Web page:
postmodernism has no causal relationship to either the spread of terrorist ideology or the primary triumphs of Trump.

What postmodernism says is that while the material world certainly exists and is prior to our descriptions of it, we only have access to it through those descriptions. That is, we do not know the world directly, as a matter of simple and unmediated perception; rather we know it as the vocabularies at our disposal deliver it to us. The philosopher Richard Rorty put it this way: “The world is out there, but descriptions of the world are not.”

The world does not come equipped with its own language, its own directions for stating the truth about it; if it did, we could just speak that language and be confident that what we said was objectively true.

But in the absence of such a language (called by the historian of science Thomas Kuhn a “neutral observation language”), we must make do with the vocabularies that are developed in the course of our attempts to make sense of things: the vocabularies of science, philosophy, political theory, anthropology, sociology, law, aesthetics. Merely to list those vocabularies (and there are of course more than I have instanced) is to realise that in every discipline – every laboratory of description – there is more than one; there are many and those many are in competition with one another, vying for the right to wear the labels correct and true.

If different vocabularies deliver different worlds and different measures of true and false, does that amount (in Pomerantsev’s words) to the “equaling out of truth and falsehood”? Only in reference to a measure of true and false attached to no vocabulary at all, a measure proceeding directly from an unmediated, perfectly seen world. Were there such a measure, all assertions would equal out because they would be equally (though differently) far from the truth as seen from a God’s-eye point of view.

Without such a measure, what we have is a contest of discourses—each of which, of course, has different effects.

What that means is, if we can’t rule out Trump (or any other economic or political disaster) in the name of some kind of “reality” or capital-T truth (and I don’t think we can), we still have two formidable weapons: critical thinking and political organizing. And, while liberals continue to deny it, the Left is still the best place to find and develop those weapons.


*According to Jennifer Senior, Rorty’s book has now sold out and “Harvard University Press is reprinting the book for the first time since 2010.”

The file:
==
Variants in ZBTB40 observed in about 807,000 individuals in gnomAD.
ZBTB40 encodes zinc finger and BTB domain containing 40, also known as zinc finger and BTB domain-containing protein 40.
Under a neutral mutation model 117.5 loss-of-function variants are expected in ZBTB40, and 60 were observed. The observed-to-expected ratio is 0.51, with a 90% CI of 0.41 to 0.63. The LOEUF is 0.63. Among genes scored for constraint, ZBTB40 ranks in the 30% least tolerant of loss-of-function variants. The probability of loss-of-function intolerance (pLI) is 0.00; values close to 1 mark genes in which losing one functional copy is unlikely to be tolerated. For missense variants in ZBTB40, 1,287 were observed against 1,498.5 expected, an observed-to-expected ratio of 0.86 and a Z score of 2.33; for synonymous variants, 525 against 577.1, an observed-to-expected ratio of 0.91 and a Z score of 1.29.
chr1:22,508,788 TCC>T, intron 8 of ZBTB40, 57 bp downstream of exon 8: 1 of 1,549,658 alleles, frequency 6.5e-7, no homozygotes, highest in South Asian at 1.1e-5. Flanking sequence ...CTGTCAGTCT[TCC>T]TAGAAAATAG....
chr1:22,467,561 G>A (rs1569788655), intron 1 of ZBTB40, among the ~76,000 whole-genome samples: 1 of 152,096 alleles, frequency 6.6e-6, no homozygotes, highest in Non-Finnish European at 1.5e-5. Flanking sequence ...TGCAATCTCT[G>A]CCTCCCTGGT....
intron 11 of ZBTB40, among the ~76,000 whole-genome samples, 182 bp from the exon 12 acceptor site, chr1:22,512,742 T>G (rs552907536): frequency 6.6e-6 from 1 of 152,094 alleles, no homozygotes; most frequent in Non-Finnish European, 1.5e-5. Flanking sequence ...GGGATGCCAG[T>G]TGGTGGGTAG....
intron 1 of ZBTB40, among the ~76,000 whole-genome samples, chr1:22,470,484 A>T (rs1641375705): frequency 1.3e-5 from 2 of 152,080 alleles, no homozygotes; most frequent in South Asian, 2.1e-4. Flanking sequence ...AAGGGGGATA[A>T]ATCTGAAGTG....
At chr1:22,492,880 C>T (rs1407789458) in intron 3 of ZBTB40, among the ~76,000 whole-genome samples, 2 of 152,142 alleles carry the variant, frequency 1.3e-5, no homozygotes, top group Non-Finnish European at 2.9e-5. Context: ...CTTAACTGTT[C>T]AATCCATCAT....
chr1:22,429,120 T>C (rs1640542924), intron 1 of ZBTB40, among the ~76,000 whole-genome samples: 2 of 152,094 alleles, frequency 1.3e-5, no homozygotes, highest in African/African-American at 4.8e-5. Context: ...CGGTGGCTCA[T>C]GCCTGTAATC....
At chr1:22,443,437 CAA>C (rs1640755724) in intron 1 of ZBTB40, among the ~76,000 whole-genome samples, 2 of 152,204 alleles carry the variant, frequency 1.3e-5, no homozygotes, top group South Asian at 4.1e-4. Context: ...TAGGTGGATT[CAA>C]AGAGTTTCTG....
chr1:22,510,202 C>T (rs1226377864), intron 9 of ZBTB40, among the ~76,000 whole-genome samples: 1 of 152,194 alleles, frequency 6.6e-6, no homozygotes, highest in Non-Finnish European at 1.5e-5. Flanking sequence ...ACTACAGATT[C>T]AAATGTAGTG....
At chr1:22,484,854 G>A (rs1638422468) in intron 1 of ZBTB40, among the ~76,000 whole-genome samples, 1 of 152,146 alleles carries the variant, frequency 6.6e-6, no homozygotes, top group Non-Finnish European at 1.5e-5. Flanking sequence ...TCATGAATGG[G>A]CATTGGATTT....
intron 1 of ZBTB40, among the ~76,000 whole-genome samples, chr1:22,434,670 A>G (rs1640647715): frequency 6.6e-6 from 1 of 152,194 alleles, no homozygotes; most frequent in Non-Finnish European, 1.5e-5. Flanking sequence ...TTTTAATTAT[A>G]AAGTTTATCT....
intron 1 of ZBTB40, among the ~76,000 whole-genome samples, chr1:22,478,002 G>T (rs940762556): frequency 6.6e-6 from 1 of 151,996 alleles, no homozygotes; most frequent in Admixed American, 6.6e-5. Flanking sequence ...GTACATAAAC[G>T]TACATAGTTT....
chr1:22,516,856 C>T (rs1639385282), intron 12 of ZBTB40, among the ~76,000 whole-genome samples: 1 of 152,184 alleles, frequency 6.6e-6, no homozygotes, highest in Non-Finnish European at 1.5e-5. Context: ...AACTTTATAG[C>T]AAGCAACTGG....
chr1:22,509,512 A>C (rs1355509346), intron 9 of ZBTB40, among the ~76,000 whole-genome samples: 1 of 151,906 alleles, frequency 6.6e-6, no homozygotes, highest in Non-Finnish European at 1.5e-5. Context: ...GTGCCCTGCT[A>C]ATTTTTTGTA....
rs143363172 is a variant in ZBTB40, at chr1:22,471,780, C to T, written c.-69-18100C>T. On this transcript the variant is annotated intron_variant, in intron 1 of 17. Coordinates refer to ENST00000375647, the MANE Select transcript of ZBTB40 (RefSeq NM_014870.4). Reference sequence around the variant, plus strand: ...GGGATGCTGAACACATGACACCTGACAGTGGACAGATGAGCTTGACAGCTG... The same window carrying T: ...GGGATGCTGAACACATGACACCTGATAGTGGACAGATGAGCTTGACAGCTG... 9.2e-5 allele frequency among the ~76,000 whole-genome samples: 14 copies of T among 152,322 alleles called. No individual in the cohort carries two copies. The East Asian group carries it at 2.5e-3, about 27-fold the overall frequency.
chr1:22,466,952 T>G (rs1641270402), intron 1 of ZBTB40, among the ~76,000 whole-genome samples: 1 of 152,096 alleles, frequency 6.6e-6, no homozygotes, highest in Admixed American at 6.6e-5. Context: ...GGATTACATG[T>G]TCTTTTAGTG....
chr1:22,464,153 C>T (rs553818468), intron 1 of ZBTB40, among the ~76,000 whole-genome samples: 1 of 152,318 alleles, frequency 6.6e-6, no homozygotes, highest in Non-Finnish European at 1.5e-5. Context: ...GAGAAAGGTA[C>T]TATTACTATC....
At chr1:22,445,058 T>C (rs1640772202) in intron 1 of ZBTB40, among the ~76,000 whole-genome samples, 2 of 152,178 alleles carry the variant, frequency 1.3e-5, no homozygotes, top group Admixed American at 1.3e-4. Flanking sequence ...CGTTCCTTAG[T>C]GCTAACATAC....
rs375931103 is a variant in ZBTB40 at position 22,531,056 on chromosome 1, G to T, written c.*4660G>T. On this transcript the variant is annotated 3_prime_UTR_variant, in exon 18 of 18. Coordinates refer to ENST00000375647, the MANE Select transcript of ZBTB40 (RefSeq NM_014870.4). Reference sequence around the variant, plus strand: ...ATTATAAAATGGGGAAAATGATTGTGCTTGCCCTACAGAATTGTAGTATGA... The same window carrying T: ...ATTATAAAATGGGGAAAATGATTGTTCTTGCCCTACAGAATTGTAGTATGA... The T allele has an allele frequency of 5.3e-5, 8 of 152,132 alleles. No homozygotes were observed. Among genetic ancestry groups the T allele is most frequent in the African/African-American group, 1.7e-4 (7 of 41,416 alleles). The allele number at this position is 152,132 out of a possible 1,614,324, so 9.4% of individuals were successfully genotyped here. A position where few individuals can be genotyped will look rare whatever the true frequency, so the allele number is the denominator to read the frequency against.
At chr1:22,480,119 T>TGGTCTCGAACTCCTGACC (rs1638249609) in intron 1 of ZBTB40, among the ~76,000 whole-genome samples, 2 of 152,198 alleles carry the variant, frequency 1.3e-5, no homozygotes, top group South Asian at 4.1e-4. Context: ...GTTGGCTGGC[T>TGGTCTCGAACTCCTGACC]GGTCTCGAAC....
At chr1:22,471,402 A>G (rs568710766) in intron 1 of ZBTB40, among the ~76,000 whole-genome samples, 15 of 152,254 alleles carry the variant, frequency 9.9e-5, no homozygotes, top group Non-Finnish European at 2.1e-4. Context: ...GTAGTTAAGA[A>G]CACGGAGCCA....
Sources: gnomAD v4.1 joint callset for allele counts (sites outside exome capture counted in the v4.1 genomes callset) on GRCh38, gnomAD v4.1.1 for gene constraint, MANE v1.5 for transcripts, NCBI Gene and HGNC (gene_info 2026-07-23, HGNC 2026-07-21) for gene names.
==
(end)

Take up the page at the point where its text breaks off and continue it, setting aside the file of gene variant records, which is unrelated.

**See, for example, his conversation with Derek Nystrom and Kent Puckett (pdf).

***Both Max de Haldevang and Victor Davis Hanson have also referred to Trump as a “postmodern candidate.”

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You don’t have to steal this book. I just found out Postmodern Moments in Modern Economics is now available both as a paperback and an ebook.

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By his own account, Yanis Varoufakis is an “erratic Marxist.” He’s also, it appears, a committed critic of postmodernism.

In my previous discussion of Varoufakis’s interpretation of Marxism, I deliberately avoided mentioning his “pot shot” at postmodernism:

A Greek or a Portuguese or an Italian exit from the eurozone would soon lead to a fragmentation of European capitalism, yielding a seriously recessionary surplus region east of the Rhine and north of the Alps, while the rest of Europe is would be in the grip of vicious stagflation. Who do you think would benefit from this development? A progressive left, that will rise Phoenix-like from the ashes of Europe’s public institutions? Or the Golden Dawn Nazis, the assorted neofascists, the xenophobes and the spivs? I have absolutely no doubt as to which of the two will do best from a disintegration of the eurozone.

I, for one, am not prepared to blow fresh wind into the sails of this postmodern version of the 1930s.

But, as friends reminded me, I had forgotten (or repressed?) Varoufakis’s earlier attack on postmodernism, which he delivered in two reviews (or two versions of a review) of a book on postmodernism and economics.

As it turns out, I had a hand in the book in question, Postmodernism, Economics, and Knowledge, which I edited with two close friends and comrades: Jack Amariglio and Stephen Cullenberg.

In the longer version of the review, which appeared in 2002 in the Journal of Economic Methodology [unfortunately gated], Varoufakis was actually quite complimentary about at least some aspects of the book.

Anyone interested in the postmodern stirrings of economic discourse should turn immediately to Post-Modernism, Economics and Knowledge, edited by S. Cullenberg, J. Amariglio and D. Ruccio (Routledge 2001). It explicates Postmodernity’s various strands succinctly and with sensitivity to the large retinue of meanings that the postmodern condition has acquired over the years. It comprises twenty-two taut, well-crafted chapters categorised in seven distinct parts blending nicely into one another. Of the contributors most are economists, albeit of a somewhat iconoclastic disposition, while three philosophers, one English professor and one anthropologist combine forces with them to offer the reader a delightful mixture of perspectives. Perhaps the book’s greatest asset is its clear, thoughtful introduction that gives the whole edifice its integrity, restrains the wayward tendencies of some contributors and whets the reader’s appetite.